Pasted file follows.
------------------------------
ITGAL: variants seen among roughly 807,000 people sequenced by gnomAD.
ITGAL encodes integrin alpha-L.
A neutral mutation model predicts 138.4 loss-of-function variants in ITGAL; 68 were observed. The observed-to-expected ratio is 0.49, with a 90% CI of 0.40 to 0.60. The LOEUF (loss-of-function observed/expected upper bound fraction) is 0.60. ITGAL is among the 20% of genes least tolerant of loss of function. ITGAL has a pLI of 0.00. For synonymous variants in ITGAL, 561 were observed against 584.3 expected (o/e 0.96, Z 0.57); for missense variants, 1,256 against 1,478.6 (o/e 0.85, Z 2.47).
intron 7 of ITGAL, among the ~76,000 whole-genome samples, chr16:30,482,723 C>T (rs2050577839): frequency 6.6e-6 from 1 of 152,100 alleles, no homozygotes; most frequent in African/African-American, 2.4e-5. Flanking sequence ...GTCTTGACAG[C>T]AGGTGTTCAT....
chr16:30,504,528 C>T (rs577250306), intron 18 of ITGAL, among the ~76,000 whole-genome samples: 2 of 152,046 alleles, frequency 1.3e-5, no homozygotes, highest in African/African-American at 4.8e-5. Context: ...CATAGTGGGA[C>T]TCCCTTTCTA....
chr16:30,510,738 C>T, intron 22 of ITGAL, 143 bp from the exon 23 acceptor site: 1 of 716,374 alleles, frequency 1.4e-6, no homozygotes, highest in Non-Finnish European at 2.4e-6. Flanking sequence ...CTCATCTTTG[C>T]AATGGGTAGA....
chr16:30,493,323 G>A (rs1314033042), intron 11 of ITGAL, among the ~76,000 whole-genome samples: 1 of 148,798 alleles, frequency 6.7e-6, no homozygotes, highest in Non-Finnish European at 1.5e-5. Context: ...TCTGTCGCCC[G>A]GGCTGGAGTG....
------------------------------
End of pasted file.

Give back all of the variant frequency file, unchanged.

ITGAL: variants seen among roughly 807,000 people sequenced by gnomAD.
ITGAL encodes integrin alpha-L.
A neutral mutation model predicts 138.4 loss-of-function variants in ITGAL; 68 were observed. The observed-to-expected ratio is 0.49, with a 90% CI of 0.40 to 0.60. The LOEUF (loss-of-function observed/expected upper bound fraction) is 0.60. ITGAL is among the 20% of genes least tolerant of loss of function. ITGAL has a pLI of 0.00. For synonymous variants in ITGAL, 561 were observed against 584.3 expected (o/e 0.96, Z 0.57); for missense variants, 1,256 against 1,478.6 (o/e 0.85, Z 2.47).
intron 7 of ITGAL, among the ~76,000 whole-genome samples, chr16:30,482,723 C>T (rs2050577839): frequency 6.6e-6 from 1 of 152,100 alleles, no homozygotes; most frequent in African/African-American, 2.4e-5. Flanking sequence ...GTCTTGACAG[C>T]AGGTGTTCAT....
chr16:30,504,528 C>T (rs577250306), intron 18 of ITGAL, among the ~76,000 whole-genome samples: 2 of 152,046 alleles, frequency 1.3e-5, no homozygotes, highest in African/African-American at 4.8e-5. Context: ...CATAGTGGGA[C>T]TCCCTTTCTA....
chr16:30,510,738 C>T, intron 22 of ITGAL, 143 bp from the exon 23 acceptor site: 1 of 716,374 alleles, frequency 1.4e-6, no homozygotes, highest in Non-Finnish European at 2.4e-6. Flanking sequence ...CTCATCTTTG[C>T]AATGGGTAGA....
chr16:30,493,323 G>A (rs1314033042), intron 11 of ITGAL, among the ~76,000 whole-genome samples: 1 of 148,798 alleles, frequency 6.7e-6, no homozygotes, highest in Non-Finnish European at 1.5e-5. Context: ...TCTGTCGCCC[G>A]GGCTGGAGTG....